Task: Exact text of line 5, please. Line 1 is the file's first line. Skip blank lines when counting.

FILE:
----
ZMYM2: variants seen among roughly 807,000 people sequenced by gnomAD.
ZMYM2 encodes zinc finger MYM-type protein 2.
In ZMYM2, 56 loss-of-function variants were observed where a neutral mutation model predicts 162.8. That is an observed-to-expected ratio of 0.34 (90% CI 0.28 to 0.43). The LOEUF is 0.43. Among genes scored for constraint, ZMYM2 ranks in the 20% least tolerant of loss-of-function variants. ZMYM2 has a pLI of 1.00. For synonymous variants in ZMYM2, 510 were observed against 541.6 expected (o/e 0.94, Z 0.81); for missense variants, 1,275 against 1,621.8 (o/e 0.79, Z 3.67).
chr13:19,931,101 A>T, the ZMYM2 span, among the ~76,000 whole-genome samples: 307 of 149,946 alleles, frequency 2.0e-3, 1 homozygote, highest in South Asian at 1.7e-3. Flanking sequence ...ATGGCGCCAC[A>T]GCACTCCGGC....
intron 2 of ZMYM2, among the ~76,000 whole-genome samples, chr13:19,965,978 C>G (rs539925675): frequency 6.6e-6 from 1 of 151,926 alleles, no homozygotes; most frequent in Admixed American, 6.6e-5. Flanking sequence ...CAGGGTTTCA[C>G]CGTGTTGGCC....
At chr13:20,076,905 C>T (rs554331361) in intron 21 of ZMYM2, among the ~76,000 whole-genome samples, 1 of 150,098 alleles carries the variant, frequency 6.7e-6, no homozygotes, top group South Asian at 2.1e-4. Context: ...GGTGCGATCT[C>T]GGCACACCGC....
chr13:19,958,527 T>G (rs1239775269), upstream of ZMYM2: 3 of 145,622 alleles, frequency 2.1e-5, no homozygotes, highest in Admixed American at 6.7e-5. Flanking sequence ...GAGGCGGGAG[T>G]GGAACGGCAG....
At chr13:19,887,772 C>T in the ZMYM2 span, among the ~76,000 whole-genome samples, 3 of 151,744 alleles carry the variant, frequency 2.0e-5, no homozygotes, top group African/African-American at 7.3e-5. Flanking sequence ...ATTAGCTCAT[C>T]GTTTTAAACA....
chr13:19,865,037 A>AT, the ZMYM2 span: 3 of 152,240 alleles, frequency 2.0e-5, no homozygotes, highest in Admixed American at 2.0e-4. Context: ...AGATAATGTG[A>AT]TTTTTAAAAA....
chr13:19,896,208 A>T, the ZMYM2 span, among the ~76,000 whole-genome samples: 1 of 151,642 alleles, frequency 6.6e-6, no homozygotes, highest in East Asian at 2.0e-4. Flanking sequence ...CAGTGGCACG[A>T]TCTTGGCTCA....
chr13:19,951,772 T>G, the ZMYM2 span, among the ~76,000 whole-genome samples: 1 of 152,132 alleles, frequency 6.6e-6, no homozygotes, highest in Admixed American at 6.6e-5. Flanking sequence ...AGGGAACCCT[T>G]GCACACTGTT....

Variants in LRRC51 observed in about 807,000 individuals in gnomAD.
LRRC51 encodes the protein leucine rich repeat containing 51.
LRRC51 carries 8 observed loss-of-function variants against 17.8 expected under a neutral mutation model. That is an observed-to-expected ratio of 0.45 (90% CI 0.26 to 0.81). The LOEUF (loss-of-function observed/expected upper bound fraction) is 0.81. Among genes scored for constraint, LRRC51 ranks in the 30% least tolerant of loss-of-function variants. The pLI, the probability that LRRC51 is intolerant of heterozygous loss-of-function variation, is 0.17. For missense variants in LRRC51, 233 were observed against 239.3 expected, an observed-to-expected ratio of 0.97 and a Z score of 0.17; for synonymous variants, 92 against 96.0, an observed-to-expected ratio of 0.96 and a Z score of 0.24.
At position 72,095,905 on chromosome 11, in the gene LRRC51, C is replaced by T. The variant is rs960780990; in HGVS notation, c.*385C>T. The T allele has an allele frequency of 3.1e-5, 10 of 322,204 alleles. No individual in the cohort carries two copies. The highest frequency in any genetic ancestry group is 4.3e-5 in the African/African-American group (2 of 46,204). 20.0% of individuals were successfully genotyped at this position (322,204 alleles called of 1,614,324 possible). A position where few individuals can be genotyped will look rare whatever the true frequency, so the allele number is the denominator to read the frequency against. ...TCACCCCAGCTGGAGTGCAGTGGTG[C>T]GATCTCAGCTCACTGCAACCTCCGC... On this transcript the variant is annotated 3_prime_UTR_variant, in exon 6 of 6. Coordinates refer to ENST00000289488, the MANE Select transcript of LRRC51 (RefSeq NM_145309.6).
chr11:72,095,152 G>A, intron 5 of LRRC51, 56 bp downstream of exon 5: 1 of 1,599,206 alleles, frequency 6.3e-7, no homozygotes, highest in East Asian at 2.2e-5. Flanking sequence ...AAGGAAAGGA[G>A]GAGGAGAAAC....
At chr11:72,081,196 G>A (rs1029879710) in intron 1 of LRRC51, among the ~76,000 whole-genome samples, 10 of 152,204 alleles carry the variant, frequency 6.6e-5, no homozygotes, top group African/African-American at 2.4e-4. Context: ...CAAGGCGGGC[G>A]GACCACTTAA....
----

intron 2 of ZMYM2, among the ~76,000 whole-genome samples, chr13:19,965,978 C>G (rs539925675): frequency 6.6e-6 from 1 of 151,926 alleles, no homozygotes; most frequent in Admixed American, 6.6e-5. Flanking sequence ...CAGGGTTTCA[C>G]CGTGTTGGCC....